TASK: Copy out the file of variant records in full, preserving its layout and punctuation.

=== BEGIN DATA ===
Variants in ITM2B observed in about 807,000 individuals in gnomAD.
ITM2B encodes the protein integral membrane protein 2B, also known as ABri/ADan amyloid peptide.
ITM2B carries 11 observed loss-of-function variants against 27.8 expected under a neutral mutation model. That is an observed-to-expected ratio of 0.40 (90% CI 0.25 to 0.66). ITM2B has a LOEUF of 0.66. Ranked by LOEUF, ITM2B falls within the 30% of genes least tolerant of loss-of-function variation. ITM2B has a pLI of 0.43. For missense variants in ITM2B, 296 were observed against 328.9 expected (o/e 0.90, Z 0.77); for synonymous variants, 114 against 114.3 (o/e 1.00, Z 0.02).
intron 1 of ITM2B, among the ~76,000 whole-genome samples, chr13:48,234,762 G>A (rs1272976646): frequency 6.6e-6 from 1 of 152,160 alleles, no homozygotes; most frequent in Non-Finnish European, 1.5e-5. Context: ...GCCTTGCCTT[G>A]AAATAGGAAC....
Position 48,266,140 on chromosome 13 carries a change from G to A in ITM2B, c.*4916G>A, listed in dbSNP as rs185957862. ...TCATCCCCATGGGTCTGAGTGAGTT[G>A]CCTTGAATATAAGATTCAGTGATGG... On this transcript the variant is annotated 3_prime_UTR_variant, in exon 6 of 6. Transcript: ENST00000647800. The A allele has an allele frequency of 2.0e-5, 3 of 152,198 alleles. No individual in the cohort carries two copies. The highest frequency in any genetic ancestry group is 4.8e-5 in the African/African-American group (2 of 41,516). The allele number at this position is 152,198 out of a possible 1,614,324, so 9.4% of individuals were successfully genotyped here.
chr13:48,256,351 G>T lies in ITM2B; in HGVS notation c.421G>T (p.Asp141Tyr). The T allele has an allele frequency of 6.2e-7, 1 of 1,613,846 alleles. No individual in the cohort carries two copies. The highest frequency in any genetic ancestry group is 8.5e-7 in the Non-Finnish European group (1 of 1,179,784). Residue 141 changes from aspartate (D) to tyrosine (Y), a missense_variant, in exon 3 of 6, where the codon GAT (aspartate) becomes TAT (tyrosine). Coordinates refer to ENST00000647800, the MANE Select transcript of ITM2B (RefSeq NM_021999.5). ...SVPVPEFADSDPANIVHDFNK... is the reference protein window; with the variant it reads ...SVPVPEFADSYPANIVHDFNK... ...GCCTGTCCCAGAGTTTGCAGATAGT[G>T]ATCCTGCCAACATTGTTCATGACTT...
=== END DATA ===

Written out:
Variants in ITM2B observed in about 807,000 individuals in gnomAD.
ITM2B encodes the protein integral membrane protein 2B, also known as ABri/ADan amyloid peptide.
ITM2B carries 11 observed loss-of-function variants against 27.8 expected under a neutral mutation model. That is an observed-to-expected ratio of 0.40 (90% CI 0.25 to 0.66). ITM2B has a LOEUF of 0.66. Ranked by LOEUF, ITM2B falls within the 30% of genes least tolerant of loss-of-function variation. ITM2B has a pLI of 0.43. For missense variants in ITM2B, 296 were observed against 328.9 expected (o/e 0.90, Z 0.77); for synonymous variants, 114 against 114.3 (o/e 1.00, Z 0.02).
intron 1 of ITM2B, among the ~76,000 whole-genome samples, chr13:48,234,762 G>A (rs1272976646): frequency 6.6e-6 from 1 of 152,160 alleles, no homozygotes; most frequent in Non-Finnish European, 1.5e-5. Context: ...GCCTTGCCTT[G>A]AAATAGGAAC....
Position 48,266,140 on chromosome 13 carries a change from G to A in ITM2B, c.*4916G>A, listed in dbSNP as rs185957862. ...TCATCCCCATGGGTCTGAGTGAGTT[G>A]CCTTGAATATAAGATTCAGTGATGG... On this transcript the variant is annotated 3_prime_UTR_variant, in exon 6 of 6. Transcript: ENST00000647800. The A allele has an allele frequency of 2.0e-5, 3 of 152,198 alleles. No individual in the cohort carries two copies. The highest frequency in any genetic ancestry group is 4.8e-5 in the African/African-American group (2 of 41,516). The allele number at this position is 152,198 out of a possible 1,614,324, so 9.4% of individuals were successfully genotyped here.
chr13:48,256,351 G>T lies in ITM2B; in HGVS notation c.421G>T (p.Asp141Tyr). The T allele has an allele frequency of 6.2e-7, 1 of 1,613,846 alleles. No individual in the cohort carries two copies. The highest frequency in any genetic ancestry group is 8.5e-7 in the Non-Finnish European group (1 of 1,179,784). Residue 141 changes from aspartate (D) to tyrosine (Y), a missense_variant, in exon 3 of 6, where the codon GAT (aspartate) becomes TAT (tyrosine). Coordinates refer to ENST00000647800, the MANE Select transcript of ITM2B (RefSeq NM_021999.5). ...SVPVPEFADSDPANIVHDFNK... is the reference protein window; with the variant it reads ...SVPVPEFADSYPANIVHDFNK... ...GCCTGTCCCAGAGTTTGCAGATAGT[G>T]ATCCTGCCAACATTGTTCATGACTT...